What this means is that our times are so dark because modern politics has been a gigantic misunderstanding of its own fictitious nature. Modernity is driven by a specific resistance to know (i.e. religion) – and more dialectically by a religious drive not to see the religious dimension in politics (“secularism, which denies the truth of religion, is a religious myth” (111)). This is why “these fictions need to be exposed for what they are” (90) – say: “popular sovereignty is a lie” (86) – and “the philosophical analysis of politics” becomes “a labor of demythologization” (90). Against this background, Critchley argues that we need a new conception of the stuff that makes political communities stick together, a new conception of the fictitious, “religious dimension which is found in the life of every people” (68). This is why the main “concern of the book is with the nature of faith” (161). Its nature is fictitious but linked to a “rigorous activity of a subject” (18). These two – theory of political fictions (faith) and subjective ethics – are the elements of an “ethical neo-anarchism” (114).
This anarchism, aiming at “how one lives now” (155), is not opposed to organization (232). It rather “advances in the name of […] free organization, self-determination, collaboration, cooperation […], association” (232). The basic claims behind it are that: 1) one needs to believe what one knows through history, i.e. that there are only fictions; 2) one needs an “art of politics” (92) to still believe in acknowledged fictions, i.e., believe in them although one knows (and one still believes what one knows); 3) if one still believes in them, one becomes radically responsible for (not) following them; 4) ethical responsibility is concrete and not abstract. Even the (fictitious) divine commandment not to kill, cannot be turned into an abstract principle: the responsibility to uphold one’s faith in it takes place in concrete situations (even when one violates it) – there are no pre-given answers. 5) The main aim of this ethics is to generate “new associations” (92). For, any association bound to a fiction has to renew its commitment in concrete situations and thus to renew itself. 6) This means: there is a subjective ethical “responsiveness and responsibility for what is unlimited in a situation” (244, my emphasis), i.e. for the association itself. 7) This is why for Critchley ethical neo-anarchism implies a “politics of love” (12). As love “demands a transformation of the self” (153), but also fidelity to ensure the consistency of the subject. This ethics is an ethics of infinite demands in which “faith without love is a hollow saying” (153).
Ethical neo-anarchism relies on the faith that the world can be changed if we find something unlimited in it and if we accept the “weakness” of having nothing at our disposal but fictions. Thereby the weakness becomes “a possible strength” (91), a “powerless power” (251) that enables the “fictitious constitution” (40) of a political collective endowed with an “openness to the possibility” (245) of always newly finding something unlimited in the situation. This procedure is immanently infinite – structured by an “infinite demand” (117) – and can never be realized once and for all. This ethics of “overload” (220) implies a “guilty heroism” (243) that accepts that “the imperfect is our paradise” (221), i.e. leads to accepting that every fulfillment is never truly fulfilling, as the very idea of fulfillment is a constitutive fiction.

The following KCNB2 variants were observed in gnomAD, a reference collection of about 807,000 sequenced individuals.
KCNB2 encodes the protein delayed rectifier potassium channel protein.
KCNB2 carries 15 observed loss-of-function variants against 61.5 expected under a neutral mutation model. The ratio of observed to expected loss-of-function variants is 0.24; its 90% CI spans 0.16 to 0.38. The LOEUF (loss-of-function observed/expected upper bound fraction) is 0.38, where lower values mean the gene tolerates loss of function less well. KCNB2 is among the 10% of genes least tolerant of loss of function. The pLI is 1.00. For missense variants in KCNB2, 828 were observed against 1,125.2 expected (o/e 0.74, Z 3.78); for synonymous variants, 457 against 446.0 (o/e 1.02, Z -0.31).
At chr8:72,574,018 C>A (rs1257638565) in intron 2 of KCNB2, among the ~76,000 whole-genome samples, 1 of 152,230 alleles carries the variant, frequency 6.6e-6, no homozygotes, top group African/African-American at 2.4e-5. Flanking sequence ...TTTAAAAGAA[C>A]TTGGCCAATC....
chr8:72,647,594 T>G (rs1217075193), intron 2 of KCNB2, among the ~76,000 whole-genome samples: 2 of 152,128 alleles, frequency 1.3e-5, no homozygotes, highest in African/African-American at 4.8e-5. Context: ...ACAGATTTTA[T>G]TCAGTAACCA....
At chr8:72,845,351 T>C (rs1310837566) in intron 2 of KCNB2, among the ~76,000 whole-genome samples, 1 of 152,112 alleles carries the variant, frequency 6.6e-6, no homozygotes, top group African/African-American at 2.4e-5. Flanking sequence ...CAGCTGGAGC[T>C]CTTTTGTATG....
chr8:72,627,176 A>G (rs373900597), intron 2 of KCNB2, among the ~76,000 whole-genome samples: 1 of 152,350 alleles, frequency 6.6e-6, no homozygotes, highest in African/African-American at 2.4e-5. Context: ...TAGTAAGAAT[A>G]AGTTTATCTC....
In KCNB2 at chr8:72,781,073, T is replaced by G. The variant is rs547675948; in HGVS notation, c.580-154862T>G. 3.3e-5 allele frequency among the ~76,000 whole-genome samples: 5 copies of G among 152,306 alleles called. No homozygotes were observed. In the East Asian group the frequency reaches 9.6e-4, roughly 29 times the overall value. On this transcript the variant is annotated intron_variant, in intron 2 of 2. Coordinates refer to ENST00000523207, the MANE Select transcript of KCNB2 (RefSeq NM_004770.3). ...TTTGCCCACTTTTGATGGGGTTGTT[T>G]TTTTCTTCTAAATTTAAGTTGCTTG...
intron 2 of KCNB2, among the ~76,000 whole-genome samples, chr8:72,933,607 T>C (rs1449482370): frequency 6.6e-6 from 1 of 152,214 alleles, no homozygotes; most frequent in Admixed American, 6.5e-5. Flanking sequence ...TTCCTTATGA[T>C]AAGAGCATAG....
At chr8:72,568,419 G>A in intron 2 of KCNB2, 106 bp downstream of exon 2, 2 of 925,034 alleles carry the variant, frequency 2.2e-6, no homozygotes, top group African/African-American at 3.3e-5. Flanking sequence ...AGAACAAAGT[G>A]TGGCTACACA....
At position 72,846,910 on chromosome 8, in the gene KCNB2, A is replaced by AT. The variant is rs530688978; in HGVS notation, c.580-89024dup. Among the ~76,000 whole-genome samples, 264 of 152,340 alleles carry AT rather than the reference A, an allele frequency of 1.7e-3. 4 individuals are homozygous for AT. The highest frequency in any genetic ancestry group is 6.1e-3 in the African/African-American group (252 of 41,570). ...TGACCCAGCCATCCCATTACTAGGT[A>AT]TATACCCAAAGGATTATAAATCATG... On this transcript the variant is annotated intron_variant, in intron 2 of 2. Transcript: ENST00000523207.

I want to end by articulating two series of questions: 1) Critchley’s conception of a fiction we know to be one we still believe in is like a poetic fiction. For it is poetry that, according to him, has the “critical task … to show that the world is what you make of it” (91), and that there can always be a “work of collective self-creation” (4), there can always be emancipation. For Marx, science generated emancipatory knowledge of the world, for Critchley it is art, poetry. Here he sides with thinkers that argue for a fundamental interrelation of aesthetics and politics. My question is: why does this art of creating self-conscious fictions not still follow a religious structure in Marx’ sense? Why do we not over and over again create the fiction that the world is what we make of it, because we know it will remain the same and the fiction is precisely what prevents change from happening? How to avoid the risk that the “supreme fiction” (23, 81, 91, 93) is the fiction of change itself – one that we believe in only because we know it to be a fiction? Might not the danger of such “Christianity without God” (Badiou) be that the fiction of change turns change itself into nothing but fiction?
2) Critchley argues that a self-conscious collective fiction can have consequences. These manifest as collectively created “interstices”, spaces for political association and self-determination that work “within the state against the state” (233). These interstices are timely manifestations of something unlimited. They may be lost, then an infinite demand demands to generate new ones. And the fictions we believe in encourage us that this must be possible. Although these creations rely on demands that are impossible to fulfill once and for all, I wonder how to distinguish this practice from another practice relying on unlimitedness and unfulfillment: the unlimited expansion of the possible which is one feature of the contemporary market? How to avoid a “nothing is impossible ” (Nike) position and the threat of what Badiou once called a “disaster of unlimitedness”? Does one not come dangerously close to the very operation of capital?
Critchley’s book presents a powerful and rigorously systematic argument for a renewal of political emancipation. The risks and dangers that I see are multiple and fundamental, and I have my doubts that faith alone will help here.
3 September 2012